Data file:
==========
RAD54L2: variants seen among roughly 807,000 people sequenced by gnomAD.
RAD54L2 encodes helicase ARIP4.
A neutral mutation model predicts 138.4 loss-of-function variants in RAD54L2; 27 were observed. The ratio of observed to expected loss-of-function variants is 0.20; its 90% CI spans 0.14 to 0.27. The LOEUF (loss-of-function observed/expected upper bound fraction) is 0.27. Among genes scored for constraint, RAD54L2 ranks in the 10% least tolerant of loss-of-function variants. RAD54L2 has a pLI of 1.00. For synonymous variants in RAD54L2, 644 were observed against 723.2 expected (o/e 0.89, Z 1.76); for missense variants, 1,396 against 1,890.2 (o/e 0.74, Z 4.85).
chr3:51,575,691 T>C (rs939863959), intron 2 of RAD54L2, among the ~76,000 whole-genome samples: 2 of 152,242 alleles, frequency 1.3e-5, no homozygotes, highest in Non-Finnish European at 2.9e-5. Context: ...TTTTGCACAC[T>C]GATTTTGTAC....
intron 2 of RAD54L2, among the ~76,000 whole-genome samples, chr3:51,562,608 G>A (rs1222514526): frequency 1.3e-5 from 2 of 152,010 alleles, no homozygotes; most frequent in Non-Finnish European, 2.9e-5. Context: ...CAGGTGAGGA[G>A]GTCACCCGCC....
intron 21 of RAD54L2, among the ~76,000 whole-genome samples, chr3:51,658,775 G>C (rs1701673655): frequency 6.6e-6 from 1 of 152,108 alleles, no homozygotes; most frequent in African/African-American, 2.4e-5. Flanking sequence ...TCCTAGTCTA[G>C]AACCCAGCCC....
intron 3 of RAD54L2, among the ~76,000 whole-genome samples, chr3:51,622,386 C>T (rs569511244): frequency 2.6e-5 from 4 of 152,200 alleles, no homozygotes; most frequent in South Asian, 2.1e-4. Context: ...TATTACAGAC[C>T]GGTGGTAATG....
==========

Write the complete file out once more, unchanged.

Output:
RAD54L2: variants seen among roughly 807,000 people sequenced by gnomAD.
RAD54L2 encodes helicase ARIP4.
A neutral mutation model predicts 138.4 loss-of-function variants in RAD54L2; 27 were observed. The ratio of observed to expected loss-of-function variants is 0.20; its 90% CI spans 0.14 to 0.27. The LOEUF (loss-of-function observed/expected upper bound fraction) is 0.27. Among genes scored for constraint, RAD54L2 ranks in the 10% least tolerant of loss-of-function variants. RAD54L2 has a pLI of 1.00. For synonymous variants in RAD54L2, 644 were observed against 723.2 expected (o/e 0.89, Z 1.76); for missense variants, 1,396 against 1,890.2 (o/e 0.74, Z 4.85).
chr3:51,575,691 T>C (rs939863959), intron 2 of RAD54L2, among the ~76,000 whole-genome samples: 2 of 152,242 alleles, frequency 1.3e-5, no homozygotes, highest in Non-Finnish European at 2.9e-5. Context: ...TTTTGCACAC[T>C]GATTTTGTAC....
intron 2 of RAD54L2, among the ~76,000 whole-genome samples, chr3:51,562,608 G>A (rs1222514526): frequency 1.3e-5 from 2 of 152,010 alleles, no homozygotes; most frequent in Non-Finnish European, 2.9e-5. Context: ...CAGGTGAGGA[G>A]GTCACCCGCC....
intron 21 of RAD54L2, among the ~76,000 whole-genome samples, chr3:51,658,775 G>C (rs1701673655): frequency 6.6e-6 from 1 of 152,108 alleles, no homozygotes; most frequent in African/African-American, 2.4e-5. Flanking sequence ...TCCTAGTCTA[G>C]AACCCAGCCC....
intron 3 of RAD54L2, among the ~76,000 whole-genome samples, chr3:51,622,386 C>T (rs569511244): frequency 2.6e-5 from 4 of 152,200 alleles, no homozygotes; most frequent in South Asian, 2.1e-4. Context: ...TATTACAGAC[C>T]GGTGGTAATG....